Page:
How Do you clean your Lens

Lifeboat1721
17th December 2008, 20:38
I would strongly recommend buying one of these, they are so simple to use.
http://www.7dayshop.com/catalog/product_info.php?cPath=777_1&products_id=100508

If your not sure go the Lenspen site and watch the "How to use" vid

Ian

Lksimcoe
17th December 2008, 21:47
And here I was going to say Penicillin after reading the title.

R58484956
18th December 2008, 11:12
Had one for years, very good. You cannot order anything by phone must be fax or web.

treeve
18th December 2008, 15:37
What is the advantage over using the puffer brush, then lens tissues and fluid cleaner (isopropynol type)?

Lifeboat1721
9th January 2009, 18:08
The puffer brush does exactly what it's supposed to blow of dust!!

Lens tisues are fine to clean but if you want a Polished lens then the "Lenspen" will clean and polish.

I was advised NOT to put Isopropynol Alchol on Lense's as in time it breaks down the protective coating on the Lens.

I also use a UV filter to protect my lens!! It is cheaper to replace the filter than a Lens.

This info was passed on to me by a Pro photographer who I have known for a long time.

Ian

billy
12th February 2009, 20:56
I try not to clean a lens unless the optical quality is affected,even then it will only be a air blower,but be careful of the very cheap air cannisters as they are likely to contain water and you don't want to go spraying that over a lens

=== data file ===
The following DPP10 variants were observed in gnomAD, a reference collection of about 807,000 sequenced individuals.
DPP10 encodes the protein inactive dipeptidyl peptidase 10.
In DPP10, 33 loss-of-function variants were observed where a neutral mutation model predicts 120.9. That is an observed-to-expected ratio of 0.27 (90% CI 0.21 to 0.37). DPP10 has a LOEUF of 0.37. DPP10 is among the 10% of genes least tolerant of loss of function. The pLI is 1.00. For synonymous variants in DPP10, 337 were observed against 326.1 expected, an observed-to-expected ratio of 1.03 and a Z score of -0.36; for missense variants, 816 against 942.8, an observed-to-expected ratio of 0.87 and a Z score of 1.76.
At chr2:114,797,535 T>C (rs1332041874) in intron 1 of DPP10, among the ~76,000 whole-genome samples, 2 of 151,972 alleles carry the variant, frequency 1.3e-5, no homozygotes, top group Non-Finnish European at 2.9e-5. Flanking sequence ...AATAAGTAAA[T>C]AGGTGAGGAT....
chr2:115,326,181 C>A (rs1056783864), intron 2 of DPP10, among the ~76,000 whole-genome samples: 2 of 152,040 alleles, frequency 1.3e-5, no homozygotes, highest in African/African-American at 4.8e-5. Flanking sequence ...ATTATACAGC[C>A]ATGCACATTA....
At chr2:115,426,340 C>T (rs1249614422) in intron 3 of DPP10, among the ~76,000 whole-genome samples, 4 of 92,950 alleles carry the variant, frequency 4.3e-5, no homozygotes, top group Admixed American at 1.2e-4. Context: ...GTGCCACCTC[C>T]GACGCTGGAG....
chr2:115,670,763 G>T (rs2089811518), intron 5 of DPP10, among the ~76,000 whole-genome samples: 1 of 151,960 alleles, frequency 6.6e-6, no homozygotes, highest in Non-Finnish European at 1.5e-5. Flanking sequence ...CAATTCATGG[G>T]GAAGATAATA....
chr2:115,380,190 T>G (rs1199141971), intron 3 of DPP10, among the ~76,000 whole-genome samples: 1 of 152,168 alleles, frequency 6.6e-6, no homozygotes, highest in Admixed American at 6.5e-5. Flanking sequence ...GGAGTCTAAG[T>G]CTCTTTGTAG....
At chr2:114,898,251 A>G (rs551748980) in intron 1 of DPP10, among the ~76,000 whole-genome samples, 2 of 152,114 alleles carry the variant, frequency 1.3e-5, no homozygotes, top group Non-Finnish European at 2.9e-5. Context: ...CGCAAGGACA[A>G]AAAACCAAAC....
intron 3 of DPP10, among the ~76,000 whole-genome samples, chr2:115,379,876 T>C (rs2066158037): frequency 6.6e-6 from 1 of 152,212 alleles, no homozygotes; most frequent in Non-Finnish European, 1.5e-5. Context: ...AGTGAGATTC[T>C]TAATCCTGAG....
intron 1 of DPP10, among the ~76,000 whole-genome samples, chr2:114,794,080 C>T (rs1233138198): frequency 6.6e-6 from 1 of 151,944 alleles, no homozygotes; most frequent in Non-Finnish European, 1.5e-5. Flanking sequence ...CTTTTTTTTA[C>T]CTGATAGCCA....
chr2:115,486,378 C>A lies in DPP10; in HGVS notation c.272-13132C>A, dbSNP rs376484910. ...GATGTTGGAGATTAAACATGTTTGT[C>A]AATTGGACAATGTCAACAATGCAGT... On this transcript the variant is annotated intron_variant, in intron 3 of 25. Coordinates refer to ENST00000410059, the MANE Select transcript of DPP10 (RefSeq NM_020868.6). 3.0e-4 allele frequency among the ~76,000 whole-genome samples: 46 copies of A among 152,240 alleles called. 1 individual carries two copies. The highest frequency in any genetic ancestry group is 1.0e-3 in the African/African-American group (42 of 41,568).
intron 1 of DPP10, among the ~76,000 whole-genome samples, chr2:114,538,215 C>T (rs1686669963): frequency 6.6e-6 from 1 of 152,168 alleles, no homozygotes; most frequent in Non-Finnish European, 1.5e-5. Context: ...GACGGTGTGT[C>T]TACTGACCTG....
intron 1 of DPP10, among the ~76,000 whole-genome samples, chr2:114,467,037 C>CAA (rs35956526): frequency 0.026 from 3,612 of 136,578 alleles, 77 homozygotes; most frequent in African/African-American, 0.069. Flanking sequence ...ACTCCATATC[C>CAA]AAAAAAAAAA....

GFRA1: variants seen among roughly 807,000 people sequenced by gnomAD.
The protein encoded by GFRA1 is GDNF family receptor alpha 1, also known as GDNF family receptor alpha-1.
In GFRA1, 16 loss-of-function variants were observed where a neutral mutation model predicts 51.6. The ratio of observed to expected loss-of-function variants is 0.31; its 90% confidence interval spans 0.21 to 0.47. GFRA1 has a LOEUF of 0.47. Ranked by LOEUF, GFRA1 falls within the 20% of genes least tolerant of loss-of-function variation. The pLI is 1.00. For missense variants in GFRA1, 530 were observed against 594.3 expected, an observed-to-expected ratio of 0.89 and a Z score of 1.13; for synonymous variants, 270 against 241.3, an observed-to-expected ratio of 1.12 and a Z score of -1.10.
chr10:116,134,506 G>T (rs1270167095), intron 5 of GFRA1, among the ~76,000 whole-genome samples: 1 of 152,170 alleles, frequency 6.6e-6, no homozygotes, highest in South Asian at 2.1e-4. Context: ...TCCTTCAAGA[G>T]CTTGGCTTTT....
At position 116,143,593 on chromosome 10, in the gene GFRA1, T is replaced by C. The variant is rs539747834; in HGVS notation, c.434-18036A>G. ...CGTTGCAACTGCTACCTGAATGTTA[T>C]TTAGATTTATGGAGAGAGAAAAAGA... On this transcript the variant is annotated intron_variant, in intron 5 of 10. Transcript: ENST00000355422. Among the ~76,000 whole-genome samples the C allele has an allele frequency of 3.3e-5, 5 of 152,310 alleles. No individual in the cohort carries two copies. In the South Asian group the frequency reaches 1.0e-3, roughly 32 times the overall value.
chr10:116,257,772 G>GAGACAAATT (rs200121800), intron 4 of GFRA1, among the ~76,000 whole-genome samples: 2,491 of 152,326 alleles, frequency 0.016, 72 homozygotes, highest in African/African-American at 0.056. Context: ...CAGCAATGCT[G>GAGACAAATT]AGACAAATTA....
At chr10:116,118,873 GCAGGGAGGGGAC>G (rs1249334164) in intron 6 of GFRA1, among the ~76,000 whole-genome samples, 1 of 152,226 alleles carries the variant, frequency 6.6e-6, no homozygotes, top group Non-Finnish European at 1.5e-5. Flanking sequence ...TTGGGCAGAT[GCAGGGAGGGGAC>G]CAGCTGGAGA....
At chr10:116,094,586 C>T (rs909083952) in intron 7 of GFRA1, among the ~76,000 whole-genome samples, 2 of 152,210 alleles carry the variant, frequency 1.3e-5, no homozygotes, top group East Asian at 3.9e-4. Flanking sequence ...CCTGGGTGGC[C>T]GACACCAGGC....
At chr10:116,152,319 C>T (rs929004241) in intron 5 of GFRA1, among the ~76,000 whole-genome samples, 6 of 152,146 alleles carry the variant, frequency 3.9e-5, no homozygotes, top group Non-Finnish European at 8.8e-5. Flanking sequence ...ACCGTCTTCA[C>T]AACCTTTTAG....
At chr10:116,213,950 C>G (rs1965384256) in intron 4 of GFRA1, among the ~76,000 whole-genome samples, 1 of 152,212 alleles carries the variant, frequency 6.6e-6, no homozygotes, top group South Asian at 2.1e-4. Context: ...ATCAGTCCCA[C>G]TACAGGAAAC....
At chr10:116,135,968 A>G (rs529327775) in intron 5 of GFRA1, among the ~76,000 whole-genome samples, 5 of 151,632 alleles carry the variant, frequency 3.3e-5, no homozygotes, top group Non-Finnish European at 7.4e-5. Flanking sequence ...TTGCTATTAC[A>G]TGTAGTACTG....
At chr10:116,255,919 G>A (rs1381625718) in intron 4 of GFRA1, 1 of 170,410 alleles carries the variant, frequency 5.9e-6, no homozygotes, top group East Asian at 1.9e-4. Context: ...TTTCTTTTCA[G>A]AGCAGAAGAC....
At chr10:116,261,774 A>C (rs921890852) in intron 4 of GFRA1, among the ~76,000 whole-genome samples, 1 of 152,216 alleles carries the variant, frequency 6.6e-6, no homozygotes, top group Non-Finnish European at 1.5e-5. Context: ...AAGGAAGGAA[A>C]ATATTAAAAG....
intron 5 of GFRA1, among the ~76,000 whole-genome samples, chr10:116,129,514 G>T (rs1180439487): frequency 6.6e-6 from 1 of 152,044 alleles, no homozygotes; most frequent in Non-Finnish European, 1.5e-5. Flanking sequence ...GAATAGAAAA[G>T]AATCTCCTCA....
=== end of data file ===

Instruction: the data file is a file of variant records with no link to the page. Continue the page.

Andy
17th February 2009, 11:19
I try not to clean a lens unless the optical quality is affected

Wise advice!! The damaged front elements I have seen on optical equipment are almost always as a result of people being paranoid about a having an immaculate surface.

If you've got a lens hood, use it... they give a surprising amount of protection.

bobw
17th February 2009, 11:52
Hold the lens above eye level and give it a "huff". The moisture droplets from your breath tend to fall down and do not reach the lens. Wipe the lens with a clean, unironed handkerchief. A tip given to me by a professional many years ago. Never had a scratched lens doing it this way.

Andy
17th February 2009, 13:11
Hold the lens above eye level and give it a "huff".

Not much fun with my 600/4 (==D)

andysk
19th February 2009, 12:05
For many years now I have used a small puffer, with a soft long hair brush attached, protected with a nozzle that slides over the brush when not in use. It's about 'palm of hand' size, and gives a gentle but sufficient 'puff and brush'.

I have never had a problem with my film cameras (OM1, AE1, EOS1000, EOS 33), EOS 40D, or lenses, with dirt, dust fluff scratches etc

I don't know if it (or something similar) is still available.